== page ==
Hesperus Mountain (Colorado)

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This article is about the peak in Colorado. For the peak in Alaska, see Mount Hesperus (Alaska).
Hesperus Mountain
Dibé Ntsaa (Navajo)
Hesperus Mountain
Elevation 13,237 ft (4,035 m)[1][2]
Prominence 2,852 ft (869 m)[2]
Isolation 24.53 mi (39.48 km)[2]
Listing Colorado 4000 meter summits
Colorado range high points
Colorado county high points
Hesperus Mountain is located in Colorado
Hesperus Mountain
Hesperus Mountain
Location High point of Montezuma County, Colorado, United States[2]
Range Highest summit of the
La Plata Mountains[2]
Coordinates 37°26′42″N 108°05′20″W / 37.4449971°N 108.0889642°W / 37.4449971; -108.0889642Coordinates: 37°26′42″N 108°05′20″W / 37.4449971°N 108.0889642°W / 37.4449971; -108.0889642[3]
Topo map USGS 7.5' topographic map
La Plata, Colorado[3]
Easiest route Scramble

Hesperus Mountain or Hesperus Peak, elevation 13,237 ft (4,035 m), is the highest summit in the La Plata Mountains, a small subrange of the San Juan Mountains of southwest Colorado. The mountain is in the San Juan National Forest northwest of Durango. Though not of particularly high elevation for the region, it is visually quite prominent, as it is near the southern edge of the San Juan Mountains and rises over 7,000 ft (2,100 m) above the area.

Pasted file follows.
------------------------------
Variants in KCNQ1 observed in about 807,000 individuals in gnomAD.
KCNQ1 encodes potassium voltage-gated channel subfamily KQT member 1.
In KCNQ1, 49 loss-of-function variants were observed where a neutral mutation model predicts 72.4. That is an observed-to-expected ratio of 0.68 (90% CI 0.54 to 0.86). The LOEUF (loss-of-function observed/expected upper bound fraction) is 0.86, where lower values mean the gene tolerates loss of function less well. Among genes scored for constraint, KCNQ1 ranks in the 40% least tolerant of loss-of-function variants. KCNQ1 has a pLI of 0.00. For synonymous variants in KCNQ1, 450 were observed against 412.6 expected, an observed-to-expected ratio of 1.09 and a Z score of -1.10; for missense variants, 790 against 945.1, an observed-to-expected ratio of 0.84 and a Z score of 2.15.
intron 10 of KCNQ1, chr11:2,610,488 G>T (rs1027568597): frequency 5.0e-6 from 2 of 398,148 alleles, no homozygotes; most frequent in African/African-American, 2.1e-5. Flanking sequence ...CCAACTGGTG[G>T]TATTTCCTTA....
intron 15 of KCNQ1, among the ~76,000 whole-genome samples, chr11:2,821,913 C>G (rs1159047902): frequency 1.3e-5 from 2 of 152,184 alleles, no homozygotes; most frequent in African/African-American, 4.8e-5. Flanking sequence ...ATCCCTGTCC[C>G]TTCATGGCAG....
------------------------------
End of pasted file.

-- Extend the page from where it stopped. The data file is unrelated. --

Hesperus is notable as the Navajo People's Sacred Mountain of the North, Dibé Ntsaa, which marks the northern boundary of the Dinetah, their traditional homeland. It is associated with the color black, and is said to be impregnated with jet. When First Man created the mountain as a replica of mountains in the Fourth World, he fastened it to the ground with a rainbow and covered it in darkness.[4]

The San Juan Mountains have been the traditional homeland of the Ute People. http://www.dargnet.org http://uintahbasintah.org/maps/ubsw.jpg

See also[edit]


  1. ^ The elevation of Hesperus Mountain includes an adjustment of +1.650 m (+5.41 ft) from NGVD 29 to NAVD 88.
  2. ^ a b c d e "Hesperus Mountain, Colorado". Peakbagger.com. Retrieved October 20, 2014. 
  3. ^ a b "Hesperus Mountain". Geographic Names Information System, U.S. Geological Survey. Retrieved October 20, 2014. 
  4. ^ Robert S. McPherson, Sacred Land, Sacred View: Navajo perceptions of the Four Corners Region, Brigham Young University, ISBN 1-56085-008-6.

External links[edit]